Maintaining a Sharp Knife
Buck knives are among the best tools available for cutting, but only for cutting. Throwing, pounding, chopping, or prying with a Buck knife is unsafe and could damage the knife – along with voiding your warranty. In a worst-case scenario, misuse of your knife can result in serious injury.
Buck knives are durable. Proper cleaning and maintenance will ensure that they remain sharp and strong for years to come.
Cleaning Your Knife
You should clean your knife regularly for optimal performance – but avoid immersing it in liquid if you can avoid it and never use harsh detergents. It’s better to use a spray cleaner – and wipe your knife thoroughly dry. Non-abrasive metal polish is good for removing surface oxidation, rust, or tarnish.
Clean and oil your knife regularly to keep it free from sticky residue. Remember to always lubricate your knife after cleaning. We recommend Wax Lubricant – it seals, lubricates, and protects your knife from surface oxidation and moisture that can lead to corrosion.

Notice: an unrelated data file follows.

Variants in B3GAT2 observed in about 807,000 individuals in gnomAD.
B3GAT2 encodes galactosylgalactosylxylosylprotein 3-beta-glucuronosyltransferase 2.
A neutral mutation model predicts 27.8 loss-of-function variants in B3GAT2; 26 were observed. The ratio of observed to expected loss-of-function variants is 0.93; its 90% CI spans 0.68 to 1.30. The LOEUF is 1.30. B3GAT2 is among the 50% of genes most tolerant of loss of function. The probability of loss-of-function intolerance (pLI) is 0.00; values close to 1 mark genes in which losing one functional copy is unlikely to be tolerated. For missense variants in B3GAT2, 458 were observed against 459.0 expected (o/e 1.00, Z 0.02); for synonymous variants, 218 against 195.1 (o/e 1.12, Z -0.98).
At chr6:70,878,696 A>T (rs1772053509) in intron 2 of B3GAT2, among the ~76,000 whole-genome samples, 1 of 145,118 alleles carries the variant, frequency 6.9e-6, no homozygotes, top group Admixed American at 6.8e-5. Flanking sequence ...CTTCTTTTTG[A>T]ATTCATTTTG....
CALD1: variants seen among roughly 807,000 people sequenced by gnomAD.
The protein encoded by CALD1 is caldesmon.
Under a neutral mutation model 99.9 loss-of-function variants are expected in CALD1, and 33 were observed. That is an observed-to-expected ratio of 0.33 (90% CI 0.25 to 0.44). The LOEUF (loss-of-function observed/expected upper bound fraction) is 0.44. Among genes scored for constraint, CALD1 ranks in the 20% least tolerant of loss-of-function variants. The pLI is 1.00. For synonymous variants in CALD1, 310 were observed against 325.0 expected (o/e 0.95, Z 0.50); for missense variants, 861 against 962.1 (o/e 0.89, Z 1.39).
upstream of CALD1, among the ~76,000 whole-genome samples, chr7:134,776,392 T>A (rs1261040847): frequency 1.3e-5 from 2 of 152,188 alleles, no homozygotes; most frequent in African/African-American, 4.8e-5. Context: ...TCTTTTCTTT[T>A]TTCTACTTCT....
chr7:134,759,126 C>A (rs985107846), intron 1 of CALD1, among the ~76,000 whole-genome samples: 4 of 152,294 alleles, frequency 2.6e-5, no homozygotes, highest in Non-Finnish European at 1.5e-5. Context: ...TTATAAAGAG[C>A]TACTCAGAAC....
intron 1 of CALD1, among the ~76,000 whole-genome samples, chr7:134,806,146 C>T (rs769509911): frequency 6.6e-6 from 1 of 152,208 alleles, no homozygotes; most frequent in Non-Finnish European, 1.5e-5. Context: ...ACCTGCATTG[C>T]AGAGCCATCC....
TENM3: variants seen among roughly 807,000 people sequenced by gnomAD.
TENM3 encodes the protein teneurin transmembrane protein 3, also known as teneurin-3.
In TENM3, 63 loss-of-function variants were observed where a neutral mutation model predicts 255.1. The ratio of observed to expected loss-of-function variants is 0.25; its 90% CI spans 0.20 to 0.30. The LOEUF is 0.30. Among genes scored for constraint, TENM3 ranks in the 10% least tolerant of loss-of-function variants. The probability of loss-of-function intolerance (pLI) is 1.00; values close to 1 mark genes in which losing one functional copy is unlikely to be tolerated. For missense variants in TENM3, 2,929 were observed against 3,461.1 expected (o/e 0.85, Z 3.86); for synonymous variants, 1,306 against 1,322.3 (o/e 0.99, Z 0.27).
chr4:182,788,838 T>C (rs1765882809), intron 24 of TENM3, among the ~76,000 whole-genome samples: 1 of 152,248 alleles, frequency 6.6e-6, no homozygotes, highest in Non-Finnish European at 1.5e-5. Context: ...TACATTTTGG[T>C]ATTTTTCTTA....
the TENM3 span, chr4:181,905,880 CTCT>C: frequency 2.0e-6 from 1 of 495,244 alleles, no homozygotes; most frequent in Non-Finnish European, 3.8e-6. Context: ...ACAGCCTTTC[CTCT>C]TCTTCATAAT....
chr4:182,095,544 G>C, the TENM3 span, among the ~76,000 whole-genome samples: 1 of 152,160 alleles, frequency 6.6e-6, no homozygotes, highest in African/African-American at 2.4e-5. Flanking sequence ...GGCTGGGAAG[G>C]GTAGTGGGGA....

Preventing Oxidation and Rust
Blue, gray or black discoloration on your knife is a sign of oxidation, which is a precursor of rust and should be removed immediately. Non-stainless steel such as our popular 5160 Carbon Steel knives are vulnerable to oxidation and rust. Regular cleaning and oiling after each use will keep them shiny and rust-free.
Rust is reddish-brown in color. If left untreated, it will eat into the blade of your knife and contaminate your food. Oil can be used to remove light rust. Non-abrasive metal polish should be used to remove heavier rust.